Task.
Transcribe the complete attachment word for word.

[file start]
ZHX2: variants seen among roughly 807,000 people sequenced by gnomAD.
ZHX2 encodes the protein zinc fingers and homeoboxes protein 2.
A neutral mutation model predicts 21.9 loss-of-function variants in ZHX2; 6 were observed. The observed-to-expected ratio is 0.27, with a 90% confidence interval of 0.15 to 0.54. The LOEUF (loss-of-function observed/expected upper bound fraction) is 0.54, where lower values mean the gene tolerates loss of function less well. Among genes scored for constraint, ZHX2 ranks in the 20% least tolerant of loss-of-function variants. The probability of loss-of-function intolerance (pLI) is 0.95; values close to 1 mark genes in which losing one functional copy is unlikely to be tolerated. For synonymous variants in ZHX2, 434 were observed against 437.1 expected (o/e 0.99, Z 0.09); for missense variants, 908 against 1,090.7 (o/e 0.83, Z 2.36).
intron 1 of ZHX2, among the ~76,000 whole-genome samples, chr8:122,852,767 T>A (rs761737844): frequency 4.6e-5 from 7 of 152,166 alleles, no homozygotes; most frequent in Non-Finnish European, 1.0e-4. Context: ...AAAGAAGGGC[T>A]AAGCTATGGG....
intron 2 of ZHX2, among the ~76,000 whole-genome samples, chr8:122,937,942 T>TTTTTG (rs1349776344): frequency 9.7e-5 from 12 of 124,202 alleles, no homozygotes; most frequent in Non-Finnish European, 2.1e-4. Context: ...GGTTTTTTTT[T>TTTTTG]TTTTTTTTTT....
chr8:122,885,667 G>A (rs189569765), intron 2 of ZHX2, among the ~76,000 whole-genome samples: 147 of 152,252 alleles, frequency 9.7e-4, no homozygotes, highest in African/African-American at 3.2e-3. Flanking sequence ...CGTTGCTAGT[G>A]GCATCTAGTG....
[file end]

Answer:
ZHX2: variants seen among roughly 807,000 people sequenced by gnomAD.
ZHX2 encodes the protein zinc fingers and homeoboxes protein 2.
A neutral mutation model predicts 21.9 loss-of-function variants in ZHX2; 6 were observed. The observed-to-expected ratio is 0.27, with a 90% confidence interval of 0.15 to 0.54. The LOEUF (loss-of-function observed/expected upper bound fraction) is 0.54, where lower values mean the gene tolerates loss of function less well. Among genes scored for constraint, ZHX2 ranks in the 20% least tolerant of loss-of-function variants. The probability of loss-of-function intolerance (pLI) is 0.95; values close to 1 mark genes in which losing one functional copy is unlikely to be tolerated. For synonymous variants in ZHX2, 434 were observed against 437.1 expected (o/e 0.99, Z 0.09); for missense variants, 908 against 1,090.7 (o/e 0.83, Z 2.36).
intron 1 of ZHX2, among the ~76,000 whole-genome samples, chr8:122,852,767 T>A (rs761737844): frequency 4.6e-5 from 7 of 152,166 alleles, no homozygotes; most frequent in Non-Finnish European, 1.0e-4. Context: ...AAAGAAGGGC[T>A]AAGCTATGGG....
intron 2 of ZHX2, among the ~76,000 whole-genome samples, chr8:122,937,942 T>TTTTTG (rs1349776344): frequency 9.7e-5 from 12 of 124,202 alleles, no homozygotes; most frequent in Non-Finnish European, 2.1e-4. Context: ...GGTTTTTTTT[T>TTTTTG]TTTTTTTTTT....
chr8:122,885,667 G>A (rs189569765), intron 2 of ZHX2, among the ~76,000 whole-genome samples: 147 of 152,252 alleles, frequency 9.7e-4, no homozygotes, highest in African/African-American at 3.2e-3. Flanking sequence ...CGTTGCTAGT[G>A]GCATCTAGTG....